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While the shooter’s motives are unknown, the attack echoes recent anti-LGBTQ violence.
Editor’s note: This is a breaking news story and will be updated throughout the day with new information.
A gunman entered an LGBTQ nightclub and opened fire, killing five people and injuring 18 more on Saturday night in Colorado. The gunman is in police custody.
Though the shooter’s motive isn’t yet known, the attack at Club Q in Colorado Springs coincides with the rise in anti-LGBTQ rhetoric, legislation, harassment, and violence in the US.
At least two club patrons confronted the attacker, who was armed with a long gun and at least one other firearm, and managed to subdue him, according to Colorado Springs Police Department Chief Adrian Vasquez. “We owe them a great debt of thanks,” he said.
The victims have not yet been publicly identified, and the condition of the 18 injured people isn’t known. The attacker is being treated for injuries, although Lt. Pamela Castro of the Colorado Springs Police Department said she did not know what those injuries entail.
Police received a call at 11:57 pm describing the shooting and were on the scene in five minutes, according to Castro. Attorney General Merrick Garland has been briefed on the incident, according to the Associated Press, and the FBI has offered assistance to the Colorado Springs police department in the investigation.
“Club Q is devastated by the senseless attack on our community,” the nightclub wrote in a Facebook post. “Our prays [sic] and thoughts are with all the victims and their families and friends. We thank the quick reactions of heroic customers that subdued the gunman and ended this hate attack.”
Authorities have not qualified the attack as a hate crime; such a charge depends on the motive of the attacker and whether the crime was committed “on the basis of the victim’s perceived or actual race, color, religion, national origin, sexual orientation, gender, gender identity, or disability,” at least on the national level. Colorado law stipulates that bias need only be part of the attacker’s motivation and specifically outlines sexuality but not gender identity as one of the classifications for a hate crime.
Club Q’s Facebook page advertised a punk drag show and a birthday party on Saturday night; drag queen Del Lusional, who performed that evening, described the experience on Twitter, “I never thought this would happen to me and my bar. I don’t know what to do with myself. I can’t stop hearing the shots.”
The shooter perpetrated the attack on the eve of Trans Day of Remembrance, an annual observance to commemorate the transgender, nonbinary, and gender-nonconforming people killed in anti-trans attacks.
The attack echoes recent incidents of anti-LGBTQ violence
It also follows multiple attacks on LGBTQ individuals and institutions over the last several years, including a wave of attacks in the summer of 2021 on queer and nonbinary people near the Brooklyn, New York bar Happyfun Hideaway. In April, a man set another Bushwick gay bar, Rash, on fire.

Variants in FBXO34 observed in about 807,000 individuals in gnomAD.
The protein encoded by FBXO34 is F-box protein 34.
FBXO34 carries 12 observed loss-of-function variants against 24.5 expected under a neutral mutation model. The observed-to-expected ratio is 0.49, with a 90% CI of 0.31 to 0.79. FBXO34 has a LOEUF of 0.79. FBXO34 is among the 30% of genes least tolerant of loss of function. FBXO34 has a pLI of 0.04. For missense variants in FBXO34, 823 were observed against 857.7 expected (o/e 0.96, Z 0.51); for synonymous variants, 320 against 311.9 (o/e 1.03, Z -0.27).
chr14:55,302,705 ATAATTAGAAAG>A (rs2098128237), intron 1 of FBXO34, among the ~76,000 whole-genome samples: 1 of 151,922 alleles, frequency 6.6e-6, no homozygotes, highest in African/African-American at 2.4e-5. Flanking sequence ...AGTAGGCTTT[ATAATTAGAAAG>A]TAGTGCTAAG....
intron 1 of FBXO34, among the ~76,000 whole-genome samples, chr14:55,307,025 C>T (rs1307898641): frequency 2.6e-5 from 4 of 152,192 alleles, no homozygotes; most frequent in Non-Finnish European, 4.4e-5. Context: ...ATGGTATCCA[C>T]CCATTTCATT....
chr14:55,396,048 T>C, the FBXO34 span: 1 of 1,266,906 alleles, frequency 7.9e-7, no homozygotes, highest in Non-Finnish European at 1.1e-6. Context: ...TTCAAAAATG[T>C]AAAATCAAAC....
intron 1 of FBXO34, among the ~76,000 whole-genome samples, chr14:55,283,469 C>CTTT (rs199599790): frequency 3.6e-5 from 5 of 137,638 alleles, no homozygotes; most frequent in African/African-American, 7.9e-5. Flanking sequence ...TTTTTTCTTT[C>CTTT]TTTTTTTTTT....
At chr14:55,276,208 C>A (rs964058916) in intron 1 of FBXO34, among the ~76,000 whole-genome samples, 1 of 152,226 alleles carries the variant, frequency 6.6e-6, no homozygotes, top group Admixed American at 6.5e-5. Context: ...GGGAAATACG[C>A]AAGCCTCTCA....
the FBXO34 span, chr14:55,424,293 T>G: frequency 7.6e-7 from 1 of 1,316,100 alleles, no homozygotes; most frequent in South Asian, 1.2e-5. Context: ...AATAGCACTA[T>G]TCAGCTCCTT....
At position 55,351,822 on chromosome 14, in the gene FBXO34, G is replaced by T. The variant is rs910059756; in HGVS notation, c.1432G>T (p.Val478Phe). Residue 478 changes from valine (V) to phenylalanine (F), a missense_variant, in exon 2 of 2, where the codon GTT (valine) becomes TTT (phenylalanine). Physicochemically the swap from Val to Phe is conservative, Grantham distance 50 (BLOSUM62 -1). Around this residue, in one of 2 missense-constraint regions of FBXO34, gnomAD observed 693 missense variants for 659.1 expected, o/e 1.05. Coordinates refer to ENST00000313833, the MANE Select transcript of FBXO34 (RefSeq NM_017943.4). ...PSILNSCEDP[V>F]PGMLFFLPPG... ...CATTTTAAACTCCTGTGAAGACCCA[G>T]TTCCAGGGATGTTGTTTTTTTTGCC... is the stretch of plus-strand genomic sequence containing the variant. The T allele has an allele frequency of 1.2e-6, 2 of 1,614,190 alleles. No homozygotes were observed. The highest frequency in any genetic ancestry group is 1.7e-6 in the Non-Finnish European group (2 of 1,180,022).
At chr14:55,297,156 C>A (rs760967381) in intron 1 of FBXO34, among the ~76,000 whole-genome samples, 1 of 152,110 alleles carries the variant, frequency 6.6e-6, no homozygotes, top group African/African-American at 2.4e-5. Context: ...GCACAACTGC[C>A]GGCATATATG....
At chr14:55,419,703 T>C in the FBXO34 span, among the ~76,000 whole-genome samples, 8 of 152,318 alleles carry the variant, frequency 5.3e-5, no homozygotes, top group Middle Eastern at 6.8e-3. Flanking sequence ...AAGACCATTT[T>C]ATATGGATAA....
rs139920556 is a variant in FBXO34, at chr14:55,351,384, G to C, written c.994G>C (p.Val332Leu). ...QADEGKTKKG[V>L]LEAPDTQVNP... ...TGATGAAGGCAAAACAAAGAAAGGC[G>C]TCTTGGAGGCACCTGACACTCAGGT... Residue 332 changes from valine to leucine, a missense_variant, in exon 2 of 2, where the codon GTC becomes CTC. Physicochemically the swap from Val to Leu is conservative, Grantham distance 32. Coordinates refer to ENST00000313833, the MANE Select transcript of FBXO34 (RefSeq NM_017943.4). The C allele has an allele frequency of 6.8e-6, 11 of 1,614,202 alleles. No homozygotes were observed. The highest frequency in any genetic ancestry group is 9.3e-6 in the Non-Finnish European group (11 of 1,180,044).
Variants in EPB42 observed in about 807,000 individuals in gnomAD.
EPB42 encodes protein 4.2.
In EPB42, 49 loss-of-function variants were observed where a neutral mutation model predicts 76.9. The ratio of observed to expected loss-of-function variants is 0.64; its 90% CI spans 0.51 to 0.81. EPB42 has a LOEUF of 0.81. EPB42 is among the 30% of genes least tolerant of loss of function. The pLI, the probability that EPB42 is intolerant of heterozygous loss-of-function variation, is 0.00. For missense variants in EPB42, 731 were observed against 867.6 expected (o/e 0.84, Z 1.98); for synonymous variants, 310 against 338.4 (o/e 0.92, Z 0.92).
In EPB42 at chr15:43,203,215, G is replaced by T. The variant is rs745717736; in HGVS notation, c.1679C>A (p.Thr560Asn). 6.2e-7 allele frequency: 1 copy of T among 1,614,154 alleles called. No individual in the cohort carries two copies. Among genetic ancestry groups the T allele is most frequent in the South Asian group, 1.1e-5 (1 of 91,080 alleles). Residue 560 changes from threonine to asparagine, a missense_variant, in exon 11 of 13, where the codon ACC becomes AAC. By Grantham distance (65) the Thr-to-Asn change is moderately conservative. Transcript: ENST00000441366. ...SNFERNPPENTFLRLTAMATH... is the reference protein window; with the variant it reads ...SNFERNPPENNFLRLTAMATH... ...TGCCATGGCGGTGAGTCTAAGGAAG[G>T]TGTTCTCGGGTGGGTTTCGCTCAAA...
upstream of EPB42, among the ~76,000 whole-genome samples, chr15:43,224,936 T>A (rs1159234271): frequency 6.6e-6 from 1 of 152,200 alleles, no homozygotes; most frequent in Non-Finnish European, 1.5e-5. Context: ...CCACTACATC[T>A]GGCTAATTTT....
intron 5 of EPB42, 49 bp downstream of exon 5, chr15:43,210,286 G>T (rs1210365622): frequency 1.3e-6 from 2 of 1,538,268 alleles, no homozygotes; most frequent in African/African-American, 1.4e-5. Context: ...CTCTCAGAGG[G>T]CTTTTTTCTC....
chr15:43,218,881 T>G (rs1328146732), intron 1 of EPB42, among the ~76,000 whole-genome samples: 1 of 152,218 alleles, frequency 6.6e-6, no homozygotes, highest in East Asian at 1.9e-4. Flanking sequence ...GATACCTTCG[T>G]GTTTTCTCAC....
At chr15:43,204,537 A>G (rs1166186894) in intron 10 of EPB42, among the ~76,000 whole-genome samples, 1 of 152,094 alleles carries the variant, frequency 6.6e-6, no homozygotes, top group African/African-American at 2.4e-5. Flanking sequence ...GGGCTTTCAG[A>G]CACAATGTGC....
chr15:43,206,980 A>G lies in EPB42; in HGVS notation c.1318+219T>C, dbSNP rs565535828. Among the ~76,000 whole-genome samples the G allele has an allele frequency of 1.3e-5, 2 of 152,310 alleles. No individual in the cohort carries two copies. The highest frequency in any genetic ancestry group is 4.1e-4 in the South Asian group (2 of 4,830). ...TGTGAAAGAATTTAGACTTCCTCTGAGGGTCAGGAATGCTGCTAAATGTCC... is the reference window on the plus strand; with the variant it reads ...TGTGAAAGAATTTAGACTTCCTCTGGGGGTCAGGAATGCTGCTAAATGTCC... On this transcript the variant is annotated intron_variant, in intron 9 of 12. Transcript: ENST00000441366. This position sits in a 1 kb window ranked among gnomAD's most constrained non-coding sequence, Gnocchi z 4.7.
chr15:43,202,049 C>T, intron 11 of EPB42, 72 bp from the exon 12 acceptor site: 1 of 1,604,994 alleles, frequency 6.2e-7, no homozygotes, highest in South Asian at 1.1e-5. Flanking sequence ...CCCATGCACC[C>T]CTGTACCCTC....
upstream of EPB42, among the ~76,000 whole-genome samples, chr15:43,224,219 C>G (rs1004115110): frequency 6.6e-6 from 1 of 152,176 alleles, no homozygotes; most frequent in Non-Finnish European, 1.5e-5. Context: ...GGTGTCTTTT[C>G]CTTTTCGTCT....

The Colorado Springs attack has echoes of the Pulse nightclub shooting in Orlando, Florida, where a shooter pledging allegiance to the Islamic State entered the club on its Latino Night and went on a rampage that killed 49 people and injured 53. The 2016 shooting is the most deadly single attack on LGBTQ people in US history. At the time, it was also the country’s deadliest mass shooting.
Colorado in particular has seen several mass shootings in the past 25 years, starting with the Columbine High School shootings in 1999. On a national level, lawmakers have failed to curtail the national epidemic of mass shootings, despite their sustained intensity and deadliness. Mass shootings at schools including Sandy Hook Elementary School in Newtown, Connecticut, Marjorie Stoneman Douglas High School in Parkland Florida, and most recently Robb Elementary School in Uvalde, Texas have taken the lives of dozens of teenagers and young children.
LGBTQ rights are on the line in the current political climate
Republicans have stepped up anti-LGBTQ policies and rhetoric in recent years, particularly against trans people. Florida Gov. Ron DeSantis signed legislation earlier this year preventing teachers in public schools from discussing gender identity or sexuality with students from kindergarten through third grade, “or in a manner that is not age-appropriate or developmentally appropriate for students in accordance with state standards,” the law reads.
DeSantis has also approved a measure banning Medicaid patients from using the service to access gender-affirming healthcare. That legislation will affect more than 9,000 trans Floridians who use Medicaid as their primary health insurance, according to a statement from the Human Rights Campaign.
In Texas, Republican lawmakers have pursued policies aimed at trans children, most notably targeting parents who provide their children with gender-affirming care. In March, Texas Gov. Greg Abbott issued a directive to the state’s health agencies deeming gender-affirming care “child abuse” and mandating teachers and health care providers to report parents seeking such care to the Department of Family and Protective Services. This policy is contrary to medical science.
More broadly, Republican lawmakers in multiple states have restricted or attempted to restrict the rights of LGBTQ people, which Democrats and LGBTQ advocates say portends potential rollbacks on a national level.
To that end, the Senate, including 12 Republicans, has voted to advance the Respect for Marriage Act, which would protect the marriages of LGBTQ couples and repeal the Defense of Marriage Act, which defines marriage as between a man and a woman. The amended bill will return to the House for a vote before final approval by the Senate, likely after the Thanksgiving holiday.
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